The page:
26. Consider the difference gridBernadette Jiwa. Your story matters, and this simple grid is one way to navigate its creation.
  27. Influence is possible by understanding basic, predictable functions of human behavior[Cialdini].
  28. Something that matters: This is not the same as something to flip. [Jim Collins in FC]
  29. The Brand Called You: People will judge you. They are judging you. Better to organize around that. [Tom Peters and Alan Weber in FC,book].
  30. Feedback. MBAs know how to give feedback. [Seth Godin Feedback article in FC]
  31. Don’t do what people say, respond to what they do. [Rocket Surgery Made EasyMalcolm Gladwell at TED on spaghetti sauce]
  32. Gifts are not favors or presents or attempts at gaming reciprocity. They are the essence of connection. [Lewis Hyde, The Gift]
  33. The internet economy runs on fundamentally different rules than the industrial one [Kevin Kelly New Rules]
  34. Where is the change agent? [What Technology Wants (audio), plus one]
  35. Ignore everyone: Choose your clients, choose your work, choose your art. [Hugh MacLeod on ChangeThis]
  36. Corporations buy differently. [Let’s Get Real or Let’s Not Play, summary]
  37. Motivating employees and paying people are different things. [Dan Pink at TED]
  38. Placebos are more than medicine. [An ebook by Seth Godin]
  39. The way you look changes what we hear (and the rules keep changing) [Medium article on design now]
  40. Negotiation is a dance, not a battle. [Getting to Yes, TED talk]
  41. The Innovator’s Dilemma: Technology can rewrite rules by making expensive, difficult devices or processes available to many people. [Clayton Christensen]
  42. Strategy is not the perfect path, it’s a series of choices, each of which brings its own implications. [Michael Porter]
  43. Constraints drive efficient and profitable production. Finding the scarce resource or fixing the constraining process can streamline or amplify the desired outcomes. [Eli Goldratt] Also, this fabulous new book helps you rethink constraints.
  44. Thrash early. Projects always suffer when project managers lack the discipline to make important decisions as early as possible, or if they revisit them for political reasons. [Steve McConnell ShipIt Journal download and audio]
  45. You can work in your business or on it. [Michael Gerber, eMyth summary]
  46. The theory of the firm. There are reasons for organizations to exist, and external resources bring plusses and minuses. Deciding what to outsource matters. [Ronald Coase ]
  47. Scientific management is the industrial practice of measuring everything involved in product in the hope of improving it. [Frederick Taylor]
  48. Local Max is a successful, comfortable niche, but it is distinguished from a more profitable, more leveraged spot that involves pain or risk to get to. [Seth Godin, Local Max]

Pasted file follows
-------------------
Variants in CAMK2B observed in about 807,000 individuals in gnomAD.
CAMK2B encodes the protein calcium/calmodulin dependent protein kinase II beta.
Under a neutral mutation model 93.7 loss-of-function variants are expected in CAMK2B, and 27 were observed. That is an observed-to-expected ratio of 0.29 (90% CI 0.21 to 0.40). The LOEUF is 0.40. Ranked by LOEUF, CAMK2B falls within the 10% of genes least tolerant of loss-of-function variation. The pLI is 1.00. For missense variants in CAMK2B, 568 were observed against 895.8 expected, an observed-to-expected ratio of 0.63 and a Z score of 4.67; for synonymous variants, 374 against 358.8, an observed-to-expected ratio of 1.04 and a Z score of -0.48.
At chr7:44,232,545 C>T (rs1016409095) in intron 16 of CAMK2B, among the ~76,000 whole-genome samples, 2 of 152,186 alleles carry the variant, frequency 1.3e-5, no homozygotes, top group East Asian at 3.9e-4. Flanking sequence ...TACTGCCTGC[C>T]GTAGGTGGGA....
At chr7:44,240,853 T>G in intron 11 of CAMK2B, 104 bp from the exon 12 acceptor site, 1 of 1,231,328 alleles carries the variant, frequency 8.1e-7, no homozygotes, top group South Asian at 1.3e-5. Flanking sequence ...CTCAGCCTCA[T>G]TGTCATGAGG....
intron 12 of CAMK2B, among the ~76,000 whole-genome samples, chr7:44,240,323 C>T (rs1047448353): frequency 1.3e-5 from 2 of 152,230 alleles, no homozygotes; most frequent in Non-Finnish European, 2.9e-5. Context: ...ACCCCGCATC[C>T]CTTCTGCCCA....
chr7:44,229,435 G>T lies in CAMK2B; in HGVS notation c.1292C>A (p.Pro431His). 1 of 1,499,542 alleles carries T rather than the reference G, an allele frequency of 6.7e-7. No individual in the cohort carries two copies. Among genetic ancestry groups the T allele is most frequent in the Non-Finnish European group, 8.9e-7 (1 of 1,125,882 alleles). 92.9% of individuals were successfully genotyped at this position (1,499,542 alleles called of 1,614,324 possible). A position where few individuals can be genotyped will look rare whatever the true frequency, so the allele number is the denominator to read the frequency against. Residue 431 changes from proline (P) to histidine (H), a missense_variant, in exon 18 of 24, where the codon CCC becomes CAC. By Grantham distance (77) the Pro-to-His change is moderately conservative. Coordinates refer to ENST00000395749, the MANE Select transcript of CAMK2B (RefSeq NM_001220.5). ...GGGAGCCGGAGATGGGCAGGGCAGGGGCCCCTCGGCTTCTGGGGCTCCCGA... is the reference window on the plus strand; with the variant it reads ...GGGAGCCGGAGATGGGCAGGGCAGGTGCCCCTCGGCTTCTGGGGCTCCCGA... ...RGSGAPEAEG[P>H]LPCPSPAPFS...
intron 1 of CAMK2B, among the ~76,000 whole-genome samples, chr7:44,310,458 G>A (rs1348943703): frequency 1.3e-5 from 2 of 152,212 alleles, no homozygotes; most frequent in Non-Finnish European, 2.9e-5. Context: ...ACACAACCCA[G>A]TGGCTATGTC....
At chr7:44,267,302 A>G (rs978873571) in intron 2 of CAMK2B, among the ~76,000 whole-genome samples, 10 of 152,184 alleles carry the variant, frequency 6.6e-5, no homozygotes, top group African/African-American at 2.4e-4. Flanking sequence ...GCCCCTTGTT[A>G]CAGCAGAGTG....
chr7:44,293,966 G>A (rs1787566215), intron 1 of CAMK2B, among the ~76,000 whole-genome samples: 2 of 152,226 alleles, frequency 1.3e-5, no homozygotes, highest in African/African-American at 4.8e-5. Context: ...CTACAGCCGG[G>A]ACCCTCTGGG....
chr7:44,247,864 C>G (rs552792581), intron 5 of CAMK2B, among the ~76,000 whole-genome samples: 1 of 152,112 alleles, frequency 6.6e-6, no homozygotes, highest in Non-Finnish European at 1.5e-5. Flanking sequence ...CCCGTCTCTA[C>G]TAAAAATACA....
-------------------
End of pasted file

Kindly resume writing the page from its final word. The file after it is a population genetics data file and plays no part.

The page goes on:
49. The Lean Startup and the MVP. In a post-industrial, startup setting, different laws apply.[Steve BlankHow the Lean Startup Changes Everything]
  50. The Mesh. Information about stuff, and the ability to share it, is worth more than the stuff itself. Lisa Gansky, TEDinfographic]
  51. The numbers matter. Spreadsheets tell a truth. Financial statements do as well. You can learn to see what they’re trying to show you. [How to Read a Financial Report]
  52. The posture of innovation in a connected world. [Joi Ito and the MIT principles]
  53. Getting things done: The tactics of personal productivity. [Merlin Mann video, The perfect apostrophe a podcast from 2006, the GTD philosophy and Trello]
  54. Statistics: The science of analyzing and predicting how a group will behave. [Statistics at CSU]
  55. Ideas that stick, ideas that spread. [Seth Godin on Unleashing the IdeavirusChip Heath on Made to Stick]
  56. Grit: Carol Dweck on fixed mindsets [TED Talk]
  57. Words work, and good copy is better than not-good copy. [Copywriting 101]
  58. Flow: Mihaly Csikszentmihalyi [TED Talk 1]
  59. Design: Learning to look at the world differently [The Design of Everyday Things, shortcuts to sophisticated beautiful digital designChip Kidd TEDDesign Matters interviews]
  60. Personas: Categorizing worldviews. And George Lakoff’s take on Framing Values, and Trump.
  61. Edge cases: Almost all successful startups seemed like a lame idea at first. [Paul Graham, What Microsoft Is this the Altair Basic of?, Stephen Johnson]
  62. Post-industrial career planning: Jon Acuff with Do Over.
  63. External realities change rational choices: Poverty alters perception.
  64. The way we think about money changes our choices. [Money is not the same thing as happiness, in fact, they have as much in common as fish and bicycles. Paul Sullivan on the rich, Your Money or Your Life, summary]
  65. Yes, it’s personal. [Jacqueline Novogratz on On Being. 1]
  66. Non-profits can be smart organizations. [ZilchCrazy is a Compliment.]
  67. Company culture is an intentional choice. [Building a Great Businesssummary, Happiness from Tony Hsieh]
  68. Mass movements are different. [Hoffer interviewThe Ordeal of Change]
  69. Change the culture, change the world. [The evolution of gay marriage.]